James: The rhythm is something I found happened when I stopped writing for the express purpose of finding an agent, getting a publishing contract, pleasing other parties and other monstrosities! A rhythm existed in my writing before all of that, but it was subverted by my own shortcomings and inadequacies, and when I gave up on the notion of pleasing others, the writing found its own voice, its own path so to speak. Some of the musicality is down to growing up in Ireland, immersion in the patterns of speech that mark our island soul, and even though I've been away now for twenty years, those important formative years when language acquisition took place cemented those Celtic rhythms and notes in my brain. As far as musicality goes I'm useless in terms of playing instruments, though I do a little tone-deaf singing when I read certain stories that contain song lines. Sometimes I listen to music when I write, mostly instrumental, some Sigur Ros, some classical, some operatic, and as background music I find it soothing, though maybe the darkness comes from the mood created by the music. 

Nicolette: Aren't you always juggling a number of writing projects? I think I've mostly read your flash fiction (and some prose-poemy pieces) so far. Are you working on anything else these days? 

James: Juggling is generous. I've fallen in and out of projects, some of which are ongoing, some lie fallow at present and I may go back to them and revive the writing. I've been working on Pure Slush's 2014 project where a story a month set on the same day reveals a world to the reader over the timeframe of one calendar year, and I recently spent three days in Big Sur at a Benedictine monastery working on a novel that Thrice Publishing will be bringing out next year. I spent the time revising the book as it stands, adding new sections to smooth transitions between chapters, and generally polishing the language to a point where I can comfortably say the book is ready for the light of day. I'd like to find a happy medium where I don't have too many projects going on, but that's probably not very likely!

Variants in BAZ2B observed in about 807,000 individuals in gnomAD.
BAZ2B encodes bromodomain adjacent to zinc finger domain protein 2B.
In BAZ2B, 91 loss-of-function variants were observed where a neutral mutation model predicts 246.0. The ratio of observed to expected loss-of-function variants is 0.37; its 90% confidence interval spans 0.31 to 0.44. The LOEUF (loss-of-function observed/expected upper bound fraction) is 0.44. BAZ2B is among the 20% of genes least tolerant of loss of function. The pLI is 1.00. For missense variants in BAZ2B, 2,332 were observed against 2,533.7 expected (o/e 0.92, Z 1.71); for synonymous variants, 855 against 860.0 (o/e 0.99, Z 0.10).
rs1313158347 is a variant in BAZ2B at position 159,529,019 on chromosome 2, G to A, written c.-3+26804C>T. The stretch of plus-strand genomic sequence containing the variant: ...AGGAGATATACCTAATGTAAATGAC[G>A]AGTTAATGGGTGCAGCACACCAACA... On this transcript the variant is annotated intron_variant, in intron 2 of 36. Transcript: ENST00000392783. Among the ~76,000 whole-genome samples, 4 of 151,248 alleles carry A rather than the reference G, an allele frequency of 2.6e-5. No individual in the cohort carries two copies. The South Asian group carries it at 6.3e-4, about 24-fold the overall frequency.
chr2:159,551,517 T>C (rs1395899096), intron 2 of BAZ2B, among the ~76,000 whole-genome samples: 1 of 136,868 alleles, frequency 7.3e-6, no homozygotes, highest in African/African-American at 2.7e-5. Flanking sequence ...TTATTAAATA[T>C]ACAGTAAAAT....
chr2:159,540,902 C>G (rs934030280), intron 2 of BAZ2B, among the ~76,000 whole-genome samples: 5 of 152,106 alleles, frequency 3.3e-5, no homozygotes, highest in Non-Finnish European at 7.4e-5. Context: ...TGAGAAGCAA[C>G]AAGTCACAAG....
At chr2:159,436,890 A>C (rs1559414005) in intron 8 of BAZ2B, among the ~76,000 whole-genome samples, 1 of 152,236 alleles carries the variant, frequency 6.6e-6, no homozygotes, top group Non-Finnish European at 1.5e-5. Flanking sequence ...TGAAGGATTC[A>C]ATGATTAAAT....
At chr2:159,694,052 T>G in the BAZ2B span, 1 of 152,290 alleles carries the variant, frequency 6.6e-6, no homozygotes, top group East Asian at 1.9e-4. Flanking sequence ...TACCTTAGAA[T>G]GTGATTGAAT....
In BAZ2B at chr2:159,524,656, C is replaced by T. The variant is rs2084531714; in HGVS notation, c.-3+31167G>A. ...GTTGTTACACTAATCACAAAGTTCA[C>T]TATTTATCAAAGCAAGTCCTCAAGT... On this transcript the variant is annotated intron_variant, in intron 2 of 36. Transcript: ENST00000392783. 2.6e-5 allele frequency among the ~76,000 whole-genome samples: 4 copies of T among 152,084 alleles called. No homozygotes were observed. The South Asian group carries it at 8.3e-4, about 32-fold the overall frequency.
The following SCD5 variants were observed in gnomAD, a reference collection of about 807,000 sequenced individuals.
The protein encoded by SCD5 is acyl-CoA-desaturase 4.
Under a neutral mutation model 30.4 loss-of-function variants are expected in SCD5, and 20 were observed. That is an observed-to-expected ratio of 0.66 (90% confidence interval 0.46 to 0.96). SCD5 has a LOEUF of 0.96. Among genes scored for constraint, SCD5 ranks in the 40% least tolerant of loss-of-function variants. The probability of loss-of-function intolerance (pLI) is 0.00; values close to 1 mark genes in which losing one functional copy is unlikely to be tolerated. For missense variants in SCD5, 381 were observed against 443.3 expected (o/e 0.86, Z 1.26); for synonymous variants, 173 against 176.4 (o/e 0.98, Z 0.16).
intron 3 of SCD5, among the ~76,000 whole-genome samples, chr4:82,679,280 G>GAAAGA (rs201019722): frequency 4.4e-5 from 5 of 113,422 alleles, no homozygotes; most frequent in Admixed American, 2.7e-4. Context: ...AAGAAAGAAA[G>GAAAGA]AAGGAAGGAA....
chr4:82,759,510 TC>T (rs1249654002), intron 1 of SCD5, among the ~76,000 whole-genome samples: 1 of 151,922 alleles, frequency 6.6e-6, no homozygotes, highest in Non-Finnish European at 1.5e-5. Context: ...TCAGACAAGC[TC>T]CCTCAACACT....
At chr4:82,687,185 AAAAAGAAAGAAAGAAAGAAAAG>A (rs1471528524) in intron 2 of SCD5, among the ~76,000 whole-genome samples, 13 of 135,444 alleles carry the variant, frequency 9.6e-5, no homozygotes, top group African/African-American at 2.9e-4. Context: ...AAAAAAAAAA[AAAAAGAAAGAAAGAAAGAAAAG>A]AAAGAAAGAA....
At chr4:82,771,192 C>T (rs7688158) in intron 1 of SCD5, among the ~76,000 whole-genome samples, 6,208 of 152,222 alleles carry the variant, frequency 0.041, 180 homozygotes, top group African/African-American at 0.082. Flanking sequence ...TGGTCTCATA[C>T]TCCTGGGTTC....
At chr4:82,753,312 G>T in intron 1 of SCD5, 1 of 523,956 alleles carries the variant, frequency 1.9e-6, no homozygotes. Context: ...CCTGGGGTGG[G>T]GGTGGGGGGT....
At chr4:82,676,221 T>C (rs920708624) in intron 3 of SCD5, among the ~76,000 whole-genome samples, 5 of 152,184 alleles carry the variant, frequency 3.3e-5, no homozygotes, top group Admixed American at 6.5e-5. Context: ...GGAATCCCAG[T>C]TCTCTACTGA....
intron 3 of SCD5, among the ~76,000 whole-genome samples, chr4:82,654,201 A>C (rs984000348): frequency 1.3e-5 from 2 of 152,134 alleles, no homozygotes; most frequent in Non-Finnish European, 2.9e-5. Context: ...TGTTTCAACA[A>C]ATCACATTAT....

Nicolette: That brings me to the question I've always wanted to ask you. How do you approach the shift from flashing to writing a novel? Whenever I read your flash fiction, I listen to the rhythm and emotions and think, "There's something he's not showing here... The bigger picture." 

James: Yes, there's a great deal "below the water" in the flash pieces, the unsaid, the unmentionable. I like to skirt the edges and give the reader these clues, hints, as to what's going on beneath. The switch to the novel is slightly more difficult in terms of creating a "whole world" situation, and making sure the whole thing has cohesiveness. I've worked hard on showing a world in the novel that encompasses the main character's hometown, and I hope it succeeds on the page. With flash it's easy to declare a piece finished and leave much unsaid, whilst with the novel there's a pull that I feel at work that makes me want to reveal the layers of the story in a more complete way. I'm anticipating the novel will stay true to the rhythm and patterns of my other writing, and that there won't be any sense of the novel "failing" in terms of voice and authenticity.

James Claffey hails from County Westmeath, Ireland, and lives on an avocado ranch in Carpinteria, CA. His work has appeared in the New Orleans Review, Word Riot, Metazen, Necessary Fiction, FWriction and many other places.